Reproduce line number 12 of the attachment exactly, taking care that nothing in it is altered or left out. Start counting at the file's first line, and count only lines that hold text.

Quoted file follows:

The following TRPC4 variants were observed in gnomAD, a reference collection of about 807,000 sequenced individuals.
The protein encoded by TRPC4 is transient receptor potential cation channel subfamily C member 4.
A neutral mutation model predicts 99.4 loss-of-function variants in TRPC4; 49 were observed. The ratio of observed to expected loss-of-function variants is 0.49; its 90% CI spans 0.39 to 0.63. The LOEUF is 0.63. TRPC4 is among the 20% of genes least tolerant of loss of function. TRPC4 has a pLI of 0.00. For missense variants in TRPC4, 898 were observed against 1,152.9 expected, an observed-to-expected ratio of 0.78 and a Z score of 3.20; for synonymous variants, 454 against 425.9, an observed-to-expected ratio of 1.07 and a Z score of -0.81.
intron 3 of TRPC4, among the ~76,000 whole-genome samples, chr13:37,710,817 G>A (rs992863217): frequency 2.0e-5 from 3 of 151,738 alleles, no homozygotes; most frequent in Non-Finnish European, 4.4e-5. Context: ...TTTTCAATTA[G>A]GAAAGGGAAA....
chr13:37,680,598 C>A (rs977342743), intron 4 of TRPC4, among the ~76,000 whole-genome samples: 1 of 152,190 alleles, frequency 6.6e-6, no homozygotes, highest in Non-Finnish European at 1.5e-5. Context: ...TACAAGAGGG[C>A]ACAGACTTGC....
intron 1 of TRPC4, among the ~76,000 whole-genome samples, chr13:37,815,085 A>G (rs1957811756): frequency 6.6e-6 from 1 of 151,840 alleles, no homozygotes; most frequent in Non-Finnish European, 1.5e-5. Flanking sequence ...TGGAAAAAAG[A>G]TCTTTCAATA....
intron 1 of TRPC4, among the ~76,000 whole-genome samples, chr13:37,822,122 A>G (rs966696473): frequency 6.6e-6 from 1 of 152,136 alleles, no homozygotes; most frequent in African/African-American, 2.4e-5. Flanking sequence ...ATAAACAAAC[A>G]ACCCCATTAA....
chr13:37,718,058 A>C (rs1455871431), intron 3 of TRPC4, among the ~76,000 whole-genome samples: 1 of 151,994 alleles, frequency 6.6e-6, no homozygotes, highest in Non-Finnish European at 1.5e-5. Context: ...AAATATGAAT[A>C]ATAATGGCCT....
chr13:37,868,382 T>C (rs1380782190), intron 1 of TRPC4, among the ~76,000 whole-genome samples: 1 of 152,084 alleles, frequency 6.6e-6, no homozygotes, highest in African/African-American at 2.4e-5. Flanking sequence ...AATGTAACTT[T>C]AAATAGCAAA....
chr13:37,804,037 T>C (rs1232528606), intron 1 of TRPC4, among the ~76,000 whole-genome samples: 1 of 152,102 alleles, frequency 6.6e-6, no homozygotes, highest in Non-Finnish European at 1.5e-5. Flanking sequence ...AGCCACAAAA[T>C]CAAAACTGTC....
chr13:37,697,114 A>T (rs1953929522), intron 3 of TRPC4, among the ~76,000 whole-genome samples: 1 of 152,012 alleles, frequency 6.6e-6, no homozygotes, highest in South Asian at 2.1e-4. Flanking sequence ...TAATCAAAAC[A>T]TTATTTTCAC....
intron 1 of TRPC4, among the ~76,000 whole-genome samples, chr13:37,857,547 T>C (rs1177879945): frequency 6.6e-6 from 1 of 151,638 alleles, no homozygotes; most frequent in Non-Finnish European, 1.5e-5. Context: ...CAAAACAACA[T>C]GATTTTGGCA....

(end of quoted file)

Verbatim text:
intron 1 of TRPC4, among the ~76,000 whole-genome samples, chr13:37,857,547 T>C (rs1177879945): frequency 6.6e-6 from 1 of 151,638 alleles, no homozygotes; most frequent in Non-Finnish European, 1.5e-5. Context: ...CAAAACAACA[T>C]GATTTTGGCA....